asm used in the proper way can give an order of magnitude speed up. But the trick is to find "the proper way". Not always easy or possible, it depends upon what you are coding.

In the past simple CPU instruction level improvements would give almost linear code performance improvements. In these modern times, CPUs are a lot faster than memory and expecting linear speed-ups is folly unless you know for sure 100% of time is compute bound.
Post 11 Nov 2009, 02:48
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bitshifter



Joined: 04 Dec 2007
Posts: 764
Location: Massachusetts, USA
bitshifter
Im still a SSE noob but what i learned is...
1) Cache values only once if you can.
2) Align the data so to use aligned instructions.
3) Perform batch processing whenever possible.

Nice stuff though.
I like gfx so i intend to study it a while.
Thanks for the link. Smile
Post 11 Nov 2009, 02:50
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kohlrak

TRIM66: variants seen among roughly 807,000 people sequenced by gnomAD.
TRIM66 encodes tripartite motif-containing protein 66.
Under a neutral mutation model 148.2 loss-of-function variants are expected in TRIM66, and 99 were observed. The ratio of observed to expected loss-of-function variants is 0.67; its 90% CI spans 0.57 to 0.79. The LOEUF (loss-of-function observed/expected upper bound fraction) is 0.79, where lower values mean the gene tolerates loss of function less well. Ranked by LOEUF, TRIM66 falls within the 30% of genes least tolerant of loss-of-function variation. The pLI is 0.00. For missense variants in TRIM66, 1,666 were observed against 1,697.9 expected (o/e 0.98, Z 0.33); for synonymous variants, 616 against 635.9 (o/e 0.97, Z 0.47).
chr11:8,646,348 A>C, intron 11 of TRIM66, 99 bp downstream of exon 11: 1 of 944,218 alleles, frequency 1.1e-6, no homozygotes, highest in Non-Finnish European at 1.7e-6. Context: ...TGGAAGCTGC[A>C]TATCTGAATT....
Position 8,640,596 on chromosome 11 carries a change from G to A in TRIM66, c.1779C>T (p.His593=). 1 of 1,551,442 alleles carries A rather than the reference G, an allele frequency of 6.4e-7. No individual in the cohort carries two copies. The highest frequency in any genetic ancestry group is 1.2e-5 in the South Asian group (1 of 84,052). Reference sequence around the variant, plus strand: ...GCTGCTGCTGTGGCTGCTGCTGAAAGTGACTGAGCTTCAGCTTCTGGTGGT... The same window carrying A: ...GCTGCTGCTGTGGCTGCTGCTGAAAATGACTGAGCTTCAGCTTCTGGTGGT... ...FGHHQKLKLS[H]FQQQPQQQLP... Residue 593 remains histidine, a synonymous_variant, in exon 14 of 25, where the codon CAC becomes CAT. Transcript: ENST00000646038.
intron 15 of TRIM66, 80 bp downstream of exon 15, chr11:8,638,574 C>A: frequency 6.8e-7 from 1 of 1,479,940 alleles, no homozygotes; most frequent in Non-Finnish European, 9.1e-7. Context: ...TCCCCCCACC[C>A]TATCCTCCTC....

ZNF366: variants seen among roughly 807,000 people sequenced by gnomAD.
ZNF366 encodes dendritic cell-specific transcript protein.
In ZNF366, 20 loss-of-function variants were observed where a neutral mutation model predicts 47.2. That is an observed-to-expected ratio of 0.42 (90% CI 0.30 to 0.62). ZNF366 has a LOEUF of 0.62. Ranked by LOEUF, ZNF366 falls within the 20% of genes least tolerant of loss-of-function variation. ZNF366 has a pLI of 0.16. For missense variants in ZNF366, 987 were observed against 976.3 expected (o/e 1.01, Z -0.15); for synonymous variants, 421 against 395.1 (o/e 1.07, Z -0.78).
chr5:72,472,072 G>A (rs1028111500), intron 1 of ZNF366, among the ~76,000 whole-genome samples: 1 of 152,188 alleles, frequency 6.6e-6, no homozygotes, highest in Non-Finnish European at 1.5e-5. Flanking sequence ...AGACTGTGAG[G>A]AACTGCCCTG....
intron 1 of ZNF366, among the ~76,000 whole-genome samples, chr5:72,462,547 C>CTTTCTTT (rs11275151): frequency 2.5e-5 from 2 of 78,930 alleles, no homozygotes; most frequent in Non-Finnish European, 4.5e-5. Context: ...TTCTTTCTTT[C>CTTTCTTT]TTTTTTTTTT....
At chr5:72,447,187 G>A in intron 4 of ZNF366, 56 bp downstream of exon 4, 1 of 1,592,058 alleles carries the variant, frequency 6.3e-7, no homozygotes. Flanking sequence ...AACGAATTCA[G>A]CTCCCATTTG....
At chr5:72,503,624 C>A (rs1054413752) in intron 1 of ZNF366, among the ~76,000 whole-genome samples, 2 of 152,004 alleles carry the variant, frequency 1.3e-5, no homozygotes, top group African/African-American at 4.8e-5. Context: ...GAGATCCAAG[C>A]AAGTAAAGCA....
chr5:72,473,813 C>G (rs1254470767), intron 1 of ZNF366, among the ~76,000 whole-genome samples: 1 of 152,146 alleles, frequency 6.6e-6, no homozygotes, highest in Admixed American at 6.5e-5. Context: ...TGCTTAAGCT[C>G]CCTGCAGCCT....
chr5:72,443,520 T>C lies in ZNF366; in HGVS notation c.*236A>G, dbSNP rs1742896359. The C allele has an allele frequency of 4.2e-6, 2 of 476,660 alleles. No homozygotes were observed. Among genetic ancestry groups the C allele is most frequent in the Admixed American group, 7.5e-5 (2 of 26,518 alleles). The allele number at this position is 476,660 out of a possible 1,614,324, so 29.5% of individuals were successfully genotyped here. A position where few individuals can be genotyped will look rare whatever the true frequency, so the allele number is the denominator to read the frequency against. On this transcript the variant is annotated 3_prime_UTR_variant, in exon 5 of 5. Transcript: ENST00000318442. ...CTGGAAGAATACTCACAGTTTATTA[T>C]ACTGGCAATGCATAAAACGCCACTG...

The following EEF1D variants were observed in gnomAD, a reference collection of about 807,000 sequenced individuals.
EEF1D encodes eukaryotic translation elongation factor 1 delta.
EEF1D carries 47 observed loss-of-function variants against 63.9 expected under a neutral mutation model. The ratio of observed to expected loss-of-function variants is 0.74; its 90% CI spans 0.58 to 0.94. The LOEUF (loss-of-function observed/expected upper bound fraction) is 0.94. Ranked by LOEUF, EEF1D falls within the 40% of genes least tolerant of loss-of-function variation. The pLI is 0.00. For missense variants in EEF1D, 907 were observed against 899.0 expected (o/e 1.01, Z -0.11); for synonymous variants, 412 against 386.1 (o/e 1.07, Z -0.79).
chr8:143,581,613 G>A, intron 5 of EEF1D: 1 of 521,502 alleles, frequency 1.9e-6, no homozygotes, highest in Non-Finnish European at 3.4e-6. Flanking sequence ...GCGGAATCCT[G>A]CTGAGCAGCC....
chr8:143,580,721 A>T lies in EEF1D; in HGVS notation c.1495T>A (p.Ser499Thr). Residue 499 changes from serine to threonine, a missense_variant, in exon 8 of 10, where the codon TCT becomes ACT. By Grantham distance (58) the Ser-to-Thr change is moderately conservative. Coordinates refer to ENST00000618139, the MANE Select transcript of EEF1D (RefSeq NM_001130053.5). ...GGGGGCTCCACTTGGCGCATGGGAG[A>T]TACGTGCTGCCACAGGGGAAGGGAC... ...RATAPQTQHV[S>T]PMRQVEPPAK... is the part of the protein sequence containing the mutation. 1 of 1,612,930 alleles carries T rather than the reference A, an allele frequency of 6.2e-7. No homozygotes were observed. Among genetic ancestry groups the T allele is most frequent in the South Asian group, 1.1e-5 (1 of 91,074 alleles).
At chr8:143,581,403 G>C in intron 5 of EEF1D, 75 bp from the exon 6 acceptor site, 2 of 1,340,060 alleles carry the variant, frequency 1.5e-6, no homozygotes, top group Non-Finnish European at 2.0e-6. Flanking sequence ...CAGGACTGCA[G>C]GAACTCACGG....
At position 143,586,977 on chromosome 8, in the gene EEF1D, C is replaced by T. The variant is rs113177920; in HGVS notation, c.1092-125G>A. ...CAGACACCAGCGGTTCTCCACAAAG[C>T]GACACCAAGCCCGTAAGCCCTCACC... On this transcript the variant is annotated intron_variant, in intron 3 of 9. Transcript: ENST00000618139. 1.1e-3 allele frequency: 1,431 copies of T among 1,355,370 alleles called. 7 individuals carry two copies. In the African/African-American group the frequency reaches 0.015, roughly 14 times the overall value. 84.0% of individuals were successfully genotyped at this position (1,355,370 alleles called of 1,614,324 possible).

Joined: 21 Jul 2006
Posts: 1421
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kohlrak
Quote:
asm used in the proper way can give an order of magnitude speed up. But the trick is to find "the proper way". Not always easy or possible, it depends upon what you are coding.

In the past simple CPU instruction level improvements would give almost linear code performance improvements. In these modern times, CPUs are a lot faster than memory and expecting linear speed-ups is folly unless you know for sure 100% of time is compute bound.


Fortunately for people like me, compilers make silly mistakes that really add up in the end (even though you try telling anyone these things they'll say this and that doesn't matter, because it's small). The great wall of china was made with small, small bricks.